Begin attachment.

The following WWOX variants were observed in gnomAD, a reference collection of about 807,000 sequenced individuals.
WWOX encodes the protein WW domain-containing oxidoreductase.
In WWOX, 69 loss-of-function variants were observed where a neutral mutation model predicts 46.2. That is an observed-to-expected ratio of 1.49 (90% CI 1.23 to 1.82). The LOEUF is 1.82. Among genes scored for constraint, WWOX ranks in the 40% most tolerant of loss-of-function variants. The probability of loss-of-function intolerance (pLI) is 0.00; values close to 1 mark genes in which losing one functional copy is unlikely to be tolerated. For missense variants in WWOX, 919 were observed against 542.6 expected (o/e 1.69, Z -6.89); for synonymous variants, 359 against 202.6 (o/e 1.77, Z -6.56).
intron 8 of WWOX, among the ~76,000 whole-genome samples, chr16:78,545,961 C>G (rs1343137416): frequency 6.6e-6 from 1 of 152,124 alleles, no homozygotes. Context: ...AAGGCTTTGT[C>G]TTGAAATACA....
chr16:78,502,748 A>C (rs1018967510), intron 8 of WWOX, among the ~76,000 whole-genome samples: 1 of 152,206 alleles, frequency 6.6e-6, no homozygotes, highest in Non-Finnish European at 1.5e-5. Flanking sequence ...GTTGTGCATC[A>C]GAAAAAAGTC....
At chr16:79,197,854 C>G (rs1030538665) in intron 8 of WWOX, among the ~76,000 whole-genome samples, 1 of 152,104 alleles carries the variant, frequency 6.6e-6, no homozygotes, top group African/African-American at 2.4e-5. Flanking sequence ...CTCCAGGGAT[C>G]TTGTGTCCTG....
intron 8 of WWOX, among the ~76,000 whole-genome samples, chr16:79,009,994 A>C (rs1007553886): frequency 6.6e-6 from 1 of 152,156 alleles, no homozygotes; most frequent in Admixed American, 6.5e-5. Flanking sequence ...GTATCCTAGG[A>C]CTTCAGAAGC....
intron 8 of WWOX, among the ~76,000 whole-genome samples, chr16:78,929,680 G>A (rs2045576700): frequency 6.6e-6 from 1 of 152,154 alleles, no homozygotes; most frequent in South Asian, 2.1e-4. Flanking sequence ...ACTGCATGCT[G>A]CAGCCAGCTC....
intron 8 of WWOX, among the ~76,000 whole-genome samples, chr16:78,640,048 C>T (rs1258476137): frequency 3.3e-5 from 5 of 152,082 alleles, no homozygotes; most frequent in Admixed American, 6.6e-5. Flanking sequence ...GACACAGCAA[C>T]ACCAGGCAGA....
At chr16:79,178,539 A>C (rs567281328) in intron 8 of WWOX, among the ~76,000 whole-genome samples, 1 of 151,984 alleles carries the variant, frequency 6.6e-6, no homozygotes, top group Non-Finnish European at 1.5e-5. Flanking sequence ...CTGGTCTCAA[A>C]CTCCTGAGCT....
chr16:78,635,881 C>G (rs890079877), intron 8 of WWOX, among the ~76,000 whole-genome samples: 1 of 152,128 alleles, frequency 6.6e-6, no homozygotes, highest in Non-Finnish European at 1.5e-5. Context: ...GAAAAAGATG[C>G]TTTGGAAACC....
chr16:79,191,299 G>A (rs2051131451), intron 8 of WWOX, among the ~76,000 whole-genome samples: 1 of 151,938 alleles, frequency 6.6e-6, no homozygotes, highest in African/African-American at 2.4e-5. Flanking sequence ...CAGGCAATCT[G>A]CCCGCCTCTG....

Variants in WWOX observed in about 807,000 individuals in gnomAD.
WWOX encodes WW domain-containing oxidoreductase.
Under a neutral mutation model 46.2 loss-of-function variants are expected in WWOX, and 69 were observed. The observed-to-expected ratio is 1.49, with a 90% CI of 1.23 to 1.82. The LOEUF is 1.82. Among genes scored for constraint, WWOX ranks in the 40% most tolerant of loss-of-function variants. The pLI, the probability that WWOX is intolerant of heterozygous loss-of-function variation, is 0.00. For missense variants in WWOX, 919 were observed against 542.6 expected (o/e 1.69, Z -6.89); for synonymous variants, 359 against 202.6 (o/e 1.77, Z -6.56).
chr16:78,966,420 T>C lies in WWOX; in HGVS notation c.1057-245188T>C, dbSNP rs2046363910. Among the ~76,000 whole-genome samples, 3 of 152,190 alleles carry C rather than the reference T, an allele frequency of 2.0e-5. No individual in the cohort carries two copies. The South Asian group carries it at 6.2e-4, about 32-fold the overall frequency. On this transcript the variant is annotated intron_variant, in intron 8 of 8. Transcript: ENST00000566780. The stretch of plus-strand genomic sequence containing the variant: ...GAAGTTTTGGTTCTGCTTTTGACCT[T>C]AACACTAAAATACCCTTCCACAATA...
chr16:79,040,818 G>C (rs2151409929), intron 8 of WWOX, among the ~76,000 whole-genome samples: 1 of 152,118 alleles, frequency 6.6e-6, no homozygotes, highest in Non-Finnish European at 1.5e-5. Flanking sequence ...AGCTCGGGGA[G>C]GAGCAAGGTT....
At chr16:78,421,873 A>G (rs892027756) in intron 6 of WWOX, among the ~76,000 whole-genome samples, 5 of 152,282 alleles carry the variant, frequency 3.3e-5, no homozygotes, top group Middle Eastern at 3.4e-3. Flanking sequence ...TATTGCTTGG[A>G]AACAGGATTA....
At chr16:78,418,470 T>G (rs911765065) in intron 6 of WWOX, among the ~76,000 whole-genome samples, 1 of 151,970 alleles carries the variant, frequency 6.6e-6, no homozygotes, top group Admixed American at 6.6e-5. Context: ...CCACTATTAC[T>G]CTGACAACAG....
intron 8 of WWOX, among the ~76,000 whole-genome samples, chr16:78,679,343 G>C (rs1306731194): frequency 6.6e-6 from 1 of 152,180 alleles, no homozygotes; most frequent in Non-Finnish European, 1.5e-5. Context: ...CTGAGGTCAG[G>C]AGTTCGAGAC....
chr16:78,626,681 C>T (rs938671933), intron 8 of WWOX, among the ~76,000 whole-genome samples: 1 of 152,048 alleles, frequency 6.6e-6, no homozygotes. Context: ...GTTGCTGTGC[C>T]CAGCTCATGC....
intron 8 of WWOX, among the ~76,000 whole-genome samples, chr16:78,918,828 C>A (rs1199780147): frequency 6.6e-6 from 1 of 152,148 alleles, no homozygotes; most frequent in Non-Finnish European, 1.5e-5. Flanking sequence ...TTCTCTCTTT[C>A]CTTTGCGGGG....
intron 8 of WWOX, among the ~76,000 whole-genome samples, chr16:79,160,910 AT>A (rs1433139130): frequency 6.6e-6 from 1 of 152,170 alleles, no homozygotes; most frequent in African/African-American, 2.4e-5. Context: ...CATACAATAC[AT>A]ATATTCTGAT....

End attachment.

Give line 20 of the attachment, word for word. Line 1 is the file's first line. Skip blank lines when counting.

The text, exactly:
intron 8 of WWOX, among the ~76,000 whole-genome samples, chr16:78,679,343 G>C (rs1306731194): frequency 6.6e-6 from 1 of 152,180 alleles, no homozygotes; most frequent in Non-Finnish European, 1.5e-5. Context: ...CTGAGGTCAG[G>C]AGTTCGAGAC....